As a first step towards modeling the non-idealities in the shock tube, the boundary layer is assumed as laminar, and a conjugate heat transfer model is incorporated to account for the heat losses from the test region hot gas to the cold shock-tube walls. The accuracy of the simulations is enhanced by modeling the boundary layer in the shock tube as turbulent and the k-e realizable turbulence model was used. The turbulent boundary layer mesh was carefully treated, and the enhanced wall treatments were utilized to ensure a y+ value close to 1 and to guarantee the flow structure is resolved all the way to the viscous sublayer.

The results from the axi-symmetric simulations of the shock-tube model are presented in this paper. The simulations were carried out with the commercial CFD solver FLUENT using the coupled explicit density solver and the finite-volume approaches. The accuracy, efficiency, and stability of the numerical model are investigated with 1st order, 2nd order, 1st/2nd order blending, and 3rd order MUSCL schemes. Adaption was used to assure mesh refinement in high-gradient regions to accurately resolve the shock and contact discontinuities. The shock-tube geometry is represented by a structured axi-symmetric mesh.

A general overview of the model setup and governing equations is first presented. Then descriptions of the model geometry, mesh, boundary and initial conditions are presented. Provided next is the simulated inviscid solution of the temporal and spatial variation of the flow properties which are validated with the 1-D inviscid theory and with experimental data. Then the viscous solution is presented and the modeling and the bifurcation phenomenon due to shock wave-boundary layer interaction is simulated. Finally, a discussion of the results and the conclusions are given.


The simulations were carried out with the commercial CFD solver FLUENT. The model equations are discretized in space and time following the control volume approach and utilizing a density-based explicit solver. The flow domain is represented with a structured mesh of hexahedral cells. A grid adaption tool is used to resolve regions with the steepest gradients. The AUSM+ flux vector splitting scheme is used to compute the flux vectors. The convective terms are discretized in space following three schemes, 1/2nd order blending upwind, 2nd order upwind, and 3rd order MUSL schemes to investigate the impact of increasing scheme resolution on the accuracy and stability of the solution. An explicit time-stepping integration was performed using a four-stage Runge-Kutta scheme for unsteady flows. The time step was set by the Courant-Friedrichs-Lewy stability limit between 0.8 and 1.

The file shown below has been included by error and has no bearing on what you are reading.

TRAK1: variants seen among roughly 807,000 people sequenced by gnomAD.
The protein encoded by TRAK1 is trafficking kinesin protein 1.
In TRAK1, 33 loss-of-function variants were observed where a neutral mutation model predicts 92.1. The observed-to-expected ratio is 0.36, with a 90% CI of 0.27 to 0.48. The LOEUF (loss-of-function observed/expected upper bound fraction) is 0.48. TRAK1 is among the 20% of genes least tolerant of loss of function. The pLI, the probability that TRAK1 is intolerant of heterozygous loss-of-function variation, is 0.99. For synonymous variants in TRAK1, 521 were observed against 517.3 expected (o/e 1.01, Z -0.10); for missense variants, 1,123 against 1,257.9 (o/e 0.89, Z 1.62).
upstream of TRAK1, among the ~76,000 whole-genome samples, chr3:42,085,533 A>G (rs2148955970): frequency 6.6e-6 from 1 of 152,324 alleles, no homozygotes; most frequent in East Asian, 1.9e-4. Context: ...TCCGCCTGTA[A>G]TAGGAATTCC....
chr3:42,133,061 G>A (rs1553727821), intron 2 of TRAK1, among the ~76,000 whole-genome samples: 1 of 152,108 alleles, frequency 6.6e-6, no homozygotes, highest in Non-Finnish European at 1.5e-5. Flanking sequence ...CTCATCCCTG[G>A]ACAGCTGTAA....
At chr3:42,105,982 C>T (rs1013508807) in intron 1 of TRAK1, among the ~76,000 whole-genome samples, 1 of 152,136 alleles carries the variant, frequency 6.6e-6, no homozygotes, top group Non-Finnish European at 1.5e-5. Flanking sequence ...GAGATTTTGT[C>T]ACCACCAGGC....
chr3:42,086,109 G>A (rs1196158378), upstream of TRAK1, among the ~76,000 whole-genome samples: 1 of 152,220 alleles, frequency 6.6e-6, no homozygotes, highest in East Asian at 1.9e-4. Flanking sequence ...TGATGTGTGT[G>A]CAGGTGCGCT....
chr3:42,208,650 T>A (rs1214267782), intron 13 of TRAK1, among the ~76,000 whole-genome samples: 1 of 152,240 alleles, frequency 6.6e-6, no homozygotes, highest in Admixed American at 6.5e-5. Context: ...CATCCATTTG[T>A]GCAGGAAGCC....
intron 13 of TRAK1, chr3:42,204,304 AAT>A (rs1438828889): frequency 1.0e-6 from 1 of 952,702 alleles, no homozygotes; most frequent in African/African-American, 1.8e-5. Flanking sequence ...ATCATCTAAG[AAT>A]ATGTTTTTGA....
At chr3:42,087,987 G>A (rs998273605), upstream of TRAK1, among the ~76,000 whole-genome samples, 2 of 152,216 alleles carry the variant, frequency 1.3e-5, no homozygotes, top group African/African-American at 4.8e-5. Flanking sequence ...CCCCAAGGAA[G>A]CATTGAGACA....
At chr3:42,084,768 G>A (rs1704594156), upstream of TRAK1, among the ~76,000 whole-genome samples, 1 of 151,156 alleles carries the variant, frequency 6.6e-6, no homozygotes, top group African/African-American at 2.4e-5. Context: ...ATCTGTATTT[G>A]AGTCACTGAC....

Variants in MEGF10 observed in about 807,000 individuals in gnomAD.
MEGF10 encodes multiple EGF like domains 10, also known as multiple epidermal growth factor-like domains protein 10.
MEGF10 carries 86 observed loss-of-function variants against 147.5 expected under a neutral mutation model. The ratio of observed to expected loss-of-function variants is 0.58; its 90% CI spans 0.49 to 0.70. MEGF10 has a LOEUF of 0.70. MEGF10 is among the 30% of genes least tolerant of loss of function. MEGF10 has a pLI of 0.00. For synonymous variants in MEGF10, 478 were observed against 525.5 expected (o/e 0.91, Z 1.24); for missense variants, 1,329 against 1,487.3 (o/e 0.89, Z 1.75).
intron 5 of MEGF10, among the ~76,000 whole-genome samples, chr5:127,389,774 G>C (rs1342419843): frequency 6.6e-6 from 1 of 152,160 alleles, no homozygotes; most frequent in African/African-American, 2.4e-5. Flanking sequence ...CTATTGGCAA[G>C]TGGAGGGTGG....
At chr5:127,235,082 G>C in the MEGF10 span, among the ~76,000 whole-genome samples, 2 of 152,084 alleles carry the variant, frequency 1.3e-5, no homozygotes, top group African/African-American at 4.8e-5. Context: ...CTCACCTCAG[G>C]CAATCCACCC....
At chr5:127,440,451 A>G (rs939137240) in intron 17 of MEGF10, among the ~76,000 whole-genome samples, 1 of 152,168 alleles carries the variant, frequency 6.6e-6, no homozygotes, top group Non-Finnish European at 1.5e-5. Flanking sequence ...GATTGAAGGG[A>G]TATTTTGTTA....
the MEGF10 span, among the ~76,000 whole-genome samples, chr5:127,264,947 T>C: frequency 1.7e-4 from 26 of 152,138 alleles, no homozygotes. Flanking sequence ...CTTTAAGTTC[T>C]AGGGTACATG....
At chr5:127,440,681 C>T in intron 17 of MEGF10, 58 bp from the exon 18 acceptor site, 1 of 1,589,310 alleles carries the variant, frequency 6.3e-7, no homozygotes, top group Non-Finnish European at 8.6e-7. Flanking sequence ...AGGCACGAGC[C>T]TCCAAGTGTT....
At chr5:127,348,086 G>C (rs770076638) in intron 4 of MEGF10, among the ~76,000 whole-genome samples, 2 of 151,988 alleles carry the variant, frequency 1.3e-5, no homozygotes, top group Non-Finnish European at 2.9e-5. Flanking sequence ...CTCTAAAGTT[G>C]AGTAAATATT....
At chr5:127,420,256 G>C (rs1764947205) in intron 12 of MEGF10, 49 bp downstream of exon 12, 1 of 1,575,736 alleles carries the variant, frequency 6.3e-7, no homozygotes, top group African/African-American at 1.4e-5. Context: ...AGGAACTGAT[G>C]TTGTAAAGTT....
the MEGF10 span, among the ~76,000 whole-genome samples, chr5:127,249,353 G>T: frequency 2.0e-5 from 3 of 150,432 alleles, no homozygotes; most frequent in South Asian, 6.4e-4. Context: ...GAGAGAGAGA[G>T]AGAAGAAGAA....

The computational domain represents the entire geometry of the high-pressure shock tube test facility at Texas A&M University described in detail in de Vries et al.72 (72) The shock tube consists of a 2.46-m long driver section with an internal diameter of 7.62 cm and a 4.72-m long driven section with an internal diameter of 15.24 cm. The shock-tube side wall and endwall thicknesses are 1.27 cm and 2.54 cm, respectively. Due to the axial symmetry of the shock tube, the flow domain is modeled with an axi-symmetric structured mesh as shown in Fig. 1. The axi-symmetric approach is appropriate for the cylindrical geometry of the shock tube and is sufficient to render an accurate description of the real flow configuration. The boundary conditions of the shock-tube model when the conjugate heat transfer model is turned on are given in Fig. 2.

Finite Volume Method

The density-based coupled-explicit algorithm is adopted with double precision. This algorithm solves the governing equations of continuity, momentum, energy and species transport simultaneously as a set of equations. The finite-volume-based discretization approach is used to solve numerically the Euler equations. This is accomplished by first dividing the domain into discrete control volumes, then integrating the governing equations on the individual control volumes to construct algebraic equations for the discrete dependent variables and last linerazing the governing equation to produce a system of equations for the dependent variable. The governing equations can be illustrated by considering the unsteady conservation equation for transport of the scalar quantityφ. This is demonstrated by the following equation written in integral form for an arbitrary control volume V as follows,



Where, ρ is the density, v is the velocity vector, A is the surface area vector, Γφ is the diffusion coefficient for φ, ∇φ is the gradient of φ, and Sφ is the source of per unit volume. Discretization of Eq. (13)on a given cell yields